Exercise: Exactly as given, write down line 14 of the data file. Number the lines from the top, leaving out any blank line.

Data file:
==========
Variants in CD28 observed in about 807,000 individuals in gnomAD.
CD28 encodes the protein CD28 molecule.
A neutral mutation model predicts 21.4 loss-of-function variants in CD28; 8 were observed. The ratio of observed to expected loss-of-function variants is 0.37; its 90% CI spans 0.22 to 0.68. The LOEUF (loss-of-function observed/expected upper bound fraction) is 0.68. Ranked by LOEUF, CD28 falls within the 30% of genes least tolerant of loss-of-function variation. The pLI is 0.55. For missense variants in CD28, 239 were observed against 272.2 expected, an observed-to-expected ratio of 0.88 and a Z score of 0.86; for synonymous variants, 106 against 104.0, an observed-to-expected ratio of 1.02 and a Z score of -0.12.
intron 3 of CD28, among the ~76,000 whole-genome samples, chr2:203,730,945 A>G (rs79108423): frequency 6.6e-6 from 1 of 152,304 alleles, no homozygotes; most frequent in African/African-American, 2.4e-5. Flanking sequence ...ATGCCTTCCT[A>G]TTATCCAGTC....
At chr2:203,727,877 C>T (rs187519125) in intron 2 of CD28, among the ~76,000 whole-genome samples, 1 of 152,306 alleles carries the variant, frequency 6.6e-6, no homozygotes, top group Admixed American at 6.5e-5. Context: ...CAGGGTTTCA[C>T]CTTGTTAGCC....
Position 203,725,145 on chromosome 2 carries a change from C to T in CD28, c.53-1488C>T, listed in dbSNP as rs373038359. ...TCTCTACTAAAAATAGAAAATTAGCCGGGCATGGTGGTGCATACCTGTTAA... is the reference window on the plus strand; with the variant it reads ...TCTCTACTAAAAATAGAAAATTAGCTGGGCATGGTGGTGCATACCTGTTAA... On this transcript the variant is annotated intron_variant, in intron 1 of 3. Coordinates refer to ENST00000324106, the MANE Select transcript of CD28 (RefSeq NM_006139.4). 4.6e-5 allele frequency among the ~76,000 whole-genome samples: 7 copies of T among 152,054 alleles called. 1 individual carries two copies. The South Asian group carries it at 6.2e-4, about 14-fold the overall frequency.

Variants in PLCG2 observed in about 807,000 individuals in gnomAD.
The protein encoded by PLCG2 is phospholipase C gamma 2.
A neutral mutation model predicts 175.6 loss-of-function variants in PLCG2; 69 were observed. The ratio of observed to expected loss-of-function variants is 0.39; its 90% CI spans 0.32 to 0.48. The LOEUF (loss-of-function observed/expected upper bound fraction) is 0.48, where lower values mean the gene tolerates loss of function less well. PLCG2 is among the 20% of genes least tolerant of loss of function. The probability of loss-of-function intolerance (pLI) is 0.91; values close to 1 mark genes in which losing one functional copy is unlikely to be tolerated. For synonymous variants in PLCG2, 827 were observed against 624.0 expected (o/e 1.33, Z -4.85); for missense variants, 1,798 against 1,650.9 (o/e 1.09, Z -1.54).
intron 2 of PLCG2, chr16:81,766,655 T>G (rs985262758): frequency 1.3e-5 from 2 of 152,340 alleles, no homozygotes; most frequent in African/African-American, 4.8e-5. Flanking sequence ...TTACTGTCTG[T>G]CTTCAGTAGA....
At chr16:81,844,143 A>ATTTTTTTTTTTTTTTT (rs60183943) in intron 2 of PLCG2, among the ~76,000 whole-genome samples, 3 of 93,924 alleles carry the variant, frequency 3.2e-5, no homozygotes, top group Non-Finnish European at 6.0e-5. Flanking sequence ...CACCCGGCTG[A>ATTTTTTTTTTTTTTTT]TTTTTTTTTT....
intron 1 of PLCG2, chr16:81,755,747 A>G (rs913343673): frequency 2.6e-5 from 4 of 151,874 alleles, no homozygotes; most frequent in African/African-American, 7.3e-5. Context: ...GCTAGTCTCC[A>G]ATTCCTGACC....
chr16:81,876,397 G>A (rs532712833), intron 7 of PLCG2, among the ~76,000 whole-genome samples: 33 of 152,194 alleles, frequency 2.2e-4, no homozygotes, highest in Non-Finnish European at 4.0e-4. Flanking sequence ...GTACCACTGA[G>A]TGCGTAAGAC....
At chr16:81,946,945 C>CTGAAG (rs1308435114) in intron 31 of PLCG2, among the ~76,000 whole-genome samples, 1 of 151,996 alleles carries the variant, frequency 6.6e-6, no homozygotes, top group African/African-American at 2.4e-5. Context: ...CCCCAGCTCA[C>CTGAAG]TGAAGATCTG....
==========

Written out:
At chr16:81,946,945 C>CTGAAG (rs1308435114) in intron 31 of PLCG2, among the ~76,000 whole-genome samples, 1 of 151,996 alleles carries the variant, frequency 6.6e-6, no homozygotes, top group African/African-American at 2.4e-5. Context: ...CCCCAGCTCA[C>CTGAAG]TGAAGATCTG....